Paul Copan is Professor and Pledger Family Chair of Philosophy and Ethics at Palm Beach Atlantic University.  He has a Ph. D. in philosophy from Marquette University and is author of  several books including “When God Goes to Starbucks: A Guide to Everyday Apologetics” (Baker).  Paul is the current president of the Evangelical Philosophical Society.  Find out more about Paul and his books HERE.


  “That’s Just Your Opinion”—Or Is It?

Have you ever tried to explain reasons for taking the Christian faith seriously, only to get shot down with the exasperating comeback, “Well, that’s just your opinion!”?  You’re left scratching your head, wondering how someone could slam the door on such eloquence and brilliance!
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Change is Hard: A Reflection on Change

I often think I like change.  In fact, I am one to push for change, and I love the idea of it, that is until it happens to me.  Recently my family and I have been undergoing massive change, causing us to question, doubt, and pretty much just feel very uncomfortable most of the time.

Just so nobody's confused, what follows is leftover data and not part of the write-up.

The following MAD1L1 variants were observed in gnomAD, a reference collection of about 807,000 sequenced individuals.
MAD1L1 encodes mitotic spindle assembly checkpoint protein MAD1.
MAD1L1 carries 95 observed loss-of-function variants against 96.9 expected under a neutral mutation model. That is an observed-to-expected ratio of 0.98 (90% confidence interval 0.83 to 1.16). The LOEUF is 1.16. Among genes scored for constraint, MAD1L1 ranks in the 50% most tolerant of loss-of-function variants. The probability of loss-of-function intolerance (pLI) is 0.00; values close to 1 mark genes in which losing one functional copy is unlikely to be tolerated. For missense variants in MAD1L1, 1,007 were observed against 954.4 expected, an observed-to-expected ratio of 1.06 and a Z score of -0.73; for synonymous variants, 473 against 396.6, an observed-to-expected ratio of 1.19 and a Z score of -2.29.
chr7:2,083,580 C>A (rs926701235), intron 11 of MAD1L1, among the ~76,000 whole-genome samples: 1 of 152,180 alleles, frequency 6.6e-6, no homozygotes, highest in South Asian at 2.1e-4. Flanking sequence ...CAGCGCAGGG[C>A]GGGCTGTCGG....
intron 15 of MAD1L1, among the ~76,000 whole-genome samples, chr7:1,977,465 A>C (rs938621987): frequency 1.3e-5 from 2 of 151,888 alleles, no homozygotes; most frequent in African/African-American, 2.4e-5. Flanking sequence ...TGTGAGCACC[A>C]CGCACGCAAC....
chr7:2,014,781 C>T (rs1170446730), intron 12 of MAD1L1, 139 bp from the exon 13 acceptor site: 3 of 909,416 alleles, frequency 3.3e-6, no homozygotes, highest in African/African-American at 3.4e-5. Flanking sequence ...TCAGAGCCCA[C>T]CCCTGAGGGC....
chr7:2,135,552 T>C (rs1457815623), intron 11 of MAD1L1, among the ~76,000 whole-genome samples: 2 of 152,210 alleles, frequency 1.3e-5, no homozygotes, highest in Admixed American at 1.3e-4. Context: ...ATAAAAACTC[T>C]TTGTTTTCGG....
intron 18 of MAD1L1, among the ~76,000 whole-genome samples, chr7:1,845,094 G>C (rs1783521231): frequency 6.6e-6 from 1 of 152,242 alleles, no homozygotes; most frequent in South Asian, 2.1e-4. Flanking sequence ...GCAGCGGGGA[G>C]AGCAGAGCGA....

When I am in the midst of change, I have this feeling of being stuck in a small place, that is very constricting and uncomfortable, and yet somehow wanting to stay there because it is what I know.  It kind of reminds me of the nation of Israel talking about how they would rather be back in Egypt.  

So the other day I read this verse that illuminated my feeling and helped me to get beyond it.  I thought I would share it, and perhaps someone else can benefit as well.  Psalm 118:5 says, "In my anguish I cried to the LORD, and he answered me by setting me free."(NIV)  The NRSV states the second part of that verse as "the LORD answered me and set me in a broad place."  

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Christmas in July

Last Fall a piece of flair was being passed around Facebook that caught my attention.  (“Flair” are fake buttons you can give your friends electronically – seriously don’t ever join Facebook.) On the little button it declared in bold print: Attention! HP fans Christmas has been moved to July! It was not talking about the latest deskjet printer, no, it was talking about “the boy who lived” – Harry Potter. Christmas had been moved to July for every hardcore Potter fan out there. With reasons unbeknownst to any of us, the sixth installment was pushed back and my friends, I’m happy to say it’s finally July. On Tuesday night a bunch of us will gather at my house for an absurdly late potluck and caffeine binge as we try to stay up way past our adult bedtimes of 10pm for a midnight showing.  I couldn’t be more excited.